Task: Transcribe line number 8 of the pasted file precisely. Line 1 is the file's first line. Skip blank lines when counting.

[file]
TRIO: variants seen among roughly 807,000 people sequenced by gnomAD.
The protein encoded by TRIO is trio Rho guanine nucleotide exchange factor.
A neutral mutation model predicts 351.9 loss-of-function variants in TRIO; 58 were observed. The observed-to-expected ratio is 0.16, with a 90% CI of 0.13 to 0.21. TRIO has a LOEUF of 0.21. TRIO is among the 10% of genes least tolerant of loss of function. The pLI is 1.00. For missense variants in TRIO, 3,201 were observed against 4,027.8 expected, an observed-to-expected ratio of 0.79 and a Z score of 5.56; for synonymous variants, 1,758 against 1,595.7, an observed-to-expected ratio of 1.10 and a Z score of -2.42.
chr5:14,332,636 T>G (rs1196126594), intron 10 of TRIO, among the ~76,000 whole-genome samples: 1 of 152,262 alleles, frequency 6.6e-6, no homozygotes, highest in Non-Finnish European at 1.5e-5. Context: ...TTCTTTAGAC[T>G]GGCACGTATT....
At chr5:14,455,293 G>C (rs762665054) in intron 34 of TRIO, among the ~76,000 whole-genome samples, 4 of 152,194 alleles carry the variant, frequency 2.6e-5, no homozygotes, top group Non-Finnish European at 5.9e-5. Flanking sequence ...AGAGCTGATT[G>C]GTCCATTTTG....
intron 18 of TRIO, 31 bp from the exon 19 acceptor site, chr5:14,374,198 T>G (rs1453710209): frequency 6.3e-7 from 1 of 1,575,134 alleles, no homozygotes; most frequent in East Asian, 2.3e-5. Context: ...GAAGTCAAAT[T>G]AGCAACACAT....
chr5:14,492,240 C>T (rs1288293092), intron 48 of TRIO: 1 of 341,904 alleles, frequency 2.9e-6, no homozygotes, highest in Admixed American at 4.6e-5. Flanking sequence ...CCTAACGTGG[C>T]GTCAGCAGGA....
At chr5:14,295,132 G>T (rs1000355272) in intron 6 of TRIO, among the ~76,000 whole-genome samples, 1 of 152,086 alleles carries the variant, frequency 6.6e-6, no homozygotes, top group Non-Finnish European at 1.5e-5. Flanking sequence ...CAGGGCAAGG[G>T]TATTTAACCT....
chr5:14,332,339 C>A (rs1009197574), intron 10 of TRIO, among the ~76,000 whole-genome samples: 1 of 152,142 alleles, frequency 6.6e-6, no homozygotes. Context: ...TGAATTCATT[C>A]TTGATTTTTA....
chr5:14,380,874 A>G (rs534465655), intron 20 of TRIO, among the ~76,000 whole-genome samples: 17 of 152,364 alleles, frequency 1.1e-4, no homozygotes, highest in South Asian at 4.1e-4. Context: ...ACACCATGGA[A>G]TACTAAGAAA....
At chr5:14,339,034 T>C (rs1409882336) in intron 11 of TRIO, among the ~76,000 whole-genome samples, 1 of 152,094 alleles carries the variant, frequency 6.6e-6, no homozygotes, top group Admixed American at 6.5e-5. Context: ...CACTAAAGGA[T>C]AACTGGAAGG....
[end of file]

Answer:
At chr5:14,295,132 G>T (rs1000355272) in intron 6 of TRIO, among the ~76,000 whole-genome samples, 1 of 152,086 alleles carries the variant, frequency 6.6e-6, no homozygotes, top group Non-Finnish European at 1.5e-5. Flanking sequence ...CAGGGCAAGG[G>T]TATTTAACCT....